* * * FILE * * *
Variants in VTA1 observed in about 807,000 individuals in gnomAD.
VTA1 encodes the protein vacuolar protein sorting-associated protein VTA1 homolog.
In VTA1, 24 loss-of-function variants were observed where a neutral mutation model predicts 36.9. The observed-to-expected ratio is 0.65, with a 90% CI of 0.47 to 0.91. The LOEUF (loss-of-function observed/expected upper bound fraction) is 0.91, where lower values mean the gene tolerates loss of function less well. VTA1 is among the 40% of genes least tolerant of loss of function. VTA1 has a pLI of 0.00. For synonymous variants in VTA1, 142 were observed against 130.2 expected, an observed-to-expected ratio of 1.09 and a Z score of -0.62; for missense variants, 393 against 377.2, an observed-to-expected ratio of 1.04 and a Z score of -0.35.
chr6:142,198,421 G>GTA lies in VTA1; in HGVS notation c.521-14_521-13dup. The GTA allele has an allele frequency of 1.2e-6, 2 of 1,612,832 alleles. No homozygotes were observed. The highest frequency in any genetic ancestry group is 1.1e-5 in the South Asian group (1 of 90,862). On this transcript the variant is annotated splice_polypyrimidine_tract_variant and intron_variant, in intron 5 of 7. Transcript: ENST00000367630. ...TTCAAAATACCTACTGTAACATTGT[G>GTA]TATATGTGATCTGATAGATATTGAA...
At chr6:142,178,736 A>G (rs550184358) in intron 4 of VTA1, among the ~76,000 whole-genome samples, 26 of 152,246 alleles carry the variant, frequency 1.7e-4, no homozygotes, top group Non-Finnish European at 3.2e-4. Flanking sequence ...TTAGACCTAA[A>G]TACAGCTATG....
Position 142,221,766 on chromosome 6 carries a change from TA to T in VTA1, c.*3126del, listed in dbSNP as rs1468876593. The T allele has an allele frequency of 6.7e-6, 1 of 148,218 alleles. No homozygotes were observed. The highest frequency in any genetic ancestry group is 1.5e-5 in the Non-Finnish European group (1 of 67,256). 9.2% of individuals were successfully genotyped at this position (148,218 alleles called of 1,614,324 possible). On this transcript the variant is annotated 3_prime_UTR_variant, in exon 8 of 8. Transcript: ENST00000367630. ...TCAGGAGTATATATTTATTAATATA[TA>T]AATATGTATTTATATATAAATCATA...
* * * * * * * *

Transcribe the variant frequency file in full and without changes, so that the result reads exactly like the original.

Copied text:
Variants in VTA1 observed in about 807,000 individuals in gnomAD.
VTA1 encodes the protein vacuolar protein sorting-associated protein VTA1 homolog.
In VTA1, 24 loss-of-function variants were observed where a neutral mutation model predicts 36.9. The observed-to-expected ratio is 0.65, with a 90% CI of 0.47 to 0.91. The LOEUF (loss-of-function observed/expected upper bound fraction) is 0.91, where lower values mean the gene tolerates loss of function less well. VTA1 is among the 40% of genes least tolerant of loss of function. VTA1 has a pLI of 0.00. For synonymous variants in VTA1, 142 were observed against 130.2 expected, an observed-to-expected ratio of 1.09 and a Z score of -0.62; for missense variants, 393 against 377.2, an observed-to-expected ratio of 1.04 and a Z score of -0.35.
chr6:142,198,421 G>GTA lies in VTA1; in HGVS notation c.521-14_521-13dup. The GTA allele has an allele frequency of 1.2e-6, 2 of 1,612,832 alleles. No homozygotes were observed. The highest frequency in any genetic ancestry group is 1.1e-5 in the South Asian group (1 of 90,862). On this transcript the variant is annotated splice_polypyrimidine_tract_variant and intron_variant, in intron 5 of 7. Transcript: ENST00000367630. ...TTCAAAATACCTACTGTAACATTGT[G>GTA]TATATGTGATCTGATAGATATTGAA...
At chr6:142,178,736 A>G (rs550184358) in intron 4 of VTA1, among the ~76,000 whole-genome samples, 26 of 152,246 alleles carry the variant, frequency 1.7e-4, no homozygotes, top group Non-Finnish European at 3.2e-4. Flanking sequence ...TTAGACCTAA[A>G]TACAGCTATG....
Position 142,221,766 on chromosome 6 carries a change from TA to T in VTA1, c.*3126del, listed in dbSNP as rs1468876593. The T allele has an allele frequency of 6.7e-6, 1 of 148,218 alleles. No homozygotes were observed. The highest frequency in any genetic ancestry group is 1.5e-5 in the Non-Finnish European group (1 of 67,256). 9.2% of individuals were successfully genotyped at this position (148,218 alleles called of 1,614,324 possible). On this transcript the variant is annotated 3_prime_UTR_variant, in exon 8 of 8. Transcript: ENST00000367630. ...TCAGGAGTATATATTTATTAATATA[TA>T]AATATGTATTTATATATAAATCATA...